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New doubts emerge on Iran nuclear deal

As the implementation of the nuclear accord picks up pace, the latest IAEA report introduces fresh doubts on the deal’s long-term viability

The International Atomic Energy Agency’s (IAEA) final assessment on the outstanding issues related to Iran’s nuclear programme has been widely interpreted as the key facilitator of the nuclear accord reached in July.

The so-called Joint Comprehensive Plan of Action (JCPA) required the IAEA to clear up all outstanding issues related to the Possible Military Dimensions (PMD) of Iran’s long-running nuclear programme.

The IAEA’s PMD report has been seized by the Iranian government as yet another diplomatic victory as it clears the way for the lifting of sanctions and other restrictions by early next year.

Abbas Araghchi, the Iranian deputy foreign minister and the official in charge of supervising the implementation of the JCPA at Iran’s end, stated that in the light of the PMD report the 5+1 countries have produced a draft resolution with a view to demolishing the sanctions regime.   

However, despite the apparent confidence of the Iranian government, sceptical voices in Tehran have in recent days pointed out the negative features of the PMD report and expressed deep concern on the long-term implications of the IAEA’s apparent final assessment.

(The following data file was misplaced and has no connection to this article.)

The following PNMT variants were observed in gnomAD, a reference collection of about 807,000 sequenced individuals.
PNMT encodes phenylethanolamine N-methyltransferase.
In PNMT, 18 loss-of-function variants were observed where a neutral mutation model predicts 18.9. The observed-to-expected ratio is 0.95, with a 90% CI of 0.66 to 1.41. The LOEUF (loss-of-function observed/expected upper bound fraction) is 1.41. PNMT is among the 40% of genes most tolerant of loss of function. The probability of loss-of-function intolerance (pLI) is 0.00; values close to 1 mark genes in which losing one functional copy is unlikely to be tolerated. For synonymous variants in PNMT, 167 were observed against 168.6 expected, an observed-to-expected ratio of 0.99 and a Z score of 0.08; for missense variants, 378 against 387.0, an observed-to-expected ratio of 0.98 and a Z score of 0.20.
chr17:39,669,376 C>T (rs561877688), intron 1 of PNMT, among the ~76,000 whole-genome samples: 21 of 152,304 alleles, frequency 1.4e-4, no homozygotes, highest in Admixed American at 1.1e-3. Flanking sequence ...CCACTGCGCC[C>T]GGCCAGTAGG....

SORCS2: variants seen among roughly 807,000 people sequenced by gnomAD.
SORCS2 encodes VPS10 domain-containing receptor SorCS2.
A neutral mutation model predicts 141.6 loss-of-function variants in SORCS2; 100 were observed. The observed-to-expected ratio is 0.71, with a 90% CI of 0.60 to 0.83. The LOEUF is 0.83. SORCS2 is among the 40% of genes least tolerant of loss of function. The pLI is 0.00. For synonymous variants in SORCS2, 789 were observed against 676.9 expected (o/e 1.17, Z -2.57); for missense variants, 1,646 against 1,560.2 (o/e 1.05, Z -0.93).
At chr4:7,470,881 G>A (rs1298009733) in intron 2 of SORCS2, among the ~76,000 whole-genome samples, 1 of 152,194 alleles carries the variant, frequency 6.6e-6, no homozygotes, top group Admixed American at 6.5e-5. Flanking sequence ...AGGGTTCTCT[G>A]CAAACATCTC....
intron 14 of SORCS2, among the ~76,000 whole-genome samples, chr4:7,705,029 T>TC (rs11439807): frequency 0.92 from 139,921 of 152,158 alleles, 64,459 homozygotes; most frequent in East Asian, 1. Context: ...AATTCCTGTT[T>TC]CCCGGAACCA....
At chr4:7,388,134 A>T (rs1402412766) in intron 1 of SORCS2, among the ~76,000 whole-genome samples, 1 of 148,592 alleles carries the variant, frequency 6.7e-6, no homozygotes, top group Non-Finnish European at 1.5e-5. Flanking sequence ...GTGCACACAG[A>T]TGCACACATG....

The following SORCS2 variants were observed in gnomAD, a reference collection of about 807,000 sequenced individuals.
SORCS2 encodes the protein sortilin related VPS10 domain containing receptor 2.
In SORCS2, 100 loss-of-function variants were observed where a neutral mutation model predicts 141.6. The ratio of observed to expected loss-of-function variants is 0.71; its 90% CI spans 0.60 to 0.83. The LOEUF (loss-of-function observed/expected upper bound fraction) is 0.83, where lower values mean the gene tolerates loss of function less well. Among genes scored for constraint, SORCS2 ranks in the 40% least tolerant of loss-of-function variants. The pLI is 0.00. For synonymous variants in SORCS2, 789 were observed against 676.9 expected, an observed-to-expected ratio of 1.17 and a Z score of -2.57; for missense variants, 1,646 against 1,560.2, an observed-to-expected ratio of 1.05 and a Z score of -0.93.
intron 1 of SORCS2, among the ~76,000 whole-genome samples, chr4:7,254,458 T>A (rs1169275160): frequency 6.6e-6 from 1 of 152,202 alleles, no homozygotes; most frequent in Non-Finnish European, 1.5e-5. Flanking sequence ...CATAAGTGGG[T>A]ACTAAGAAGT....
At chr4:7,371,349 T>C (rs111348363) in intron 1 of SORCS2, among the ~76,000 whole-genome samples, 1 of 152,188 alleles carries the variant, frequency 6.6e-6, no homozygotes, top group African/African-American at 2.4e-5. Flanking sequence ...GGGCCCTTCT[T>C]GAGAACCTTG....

The real fear is not that the PMD assessment will jeopardise the implementation of the JCPA, but rather that it poses post-JCPA risks and thus casts a long shadow on the long-term prospects of the Iranian nuclear establishment.

Hardliners push back

It is no secret that Iranian hardliners are strongly opposed to the Vienna nuclear accord. Hardline factions mobilised as early as May 2014 under the Delvapasan (we are worried) platform specifically to oppose President Hassan Rouhani’s determination to resolve the nuclear dispute.

Of course the hardliners failed to generate sufficient opposition to the government’s plans and the Rouhani administration, aided by the most competent foreign policy team since the 1979 revolution, faced few domestic hurdles in sealing the nuclear deal.

But this is by no means the end of the matter as hardliners have continued to protest at the provisions of the JCPA in addition to the wider implications of the nuclear accord, specifically in relation to defence and foreign policy.

By staking out oppositional demands in respect of the JCPA, the hardliners are not so much seeking a confrontation with the Rouhani administration but instead they seek to incentivise key power centres in the country to rein in the government’s enthusiasm for the accord and to stop it from caving in to persistent demands by Western powers.

This is similar to the role the hardliners played before the Vienna accord by forming pressure groups to influence the outcome of the negotiations, not on account of their own political weight but by instrumentalising key power centres as force multipliers.

The most important power centre in this equation is the Islamic Revolutionary Guards Corps (IRGC), which - partly owing to lobbying by hardliners - pressurised the nuclear negotiating team to not accept any curbs on Iran’s ballistic missiles programme.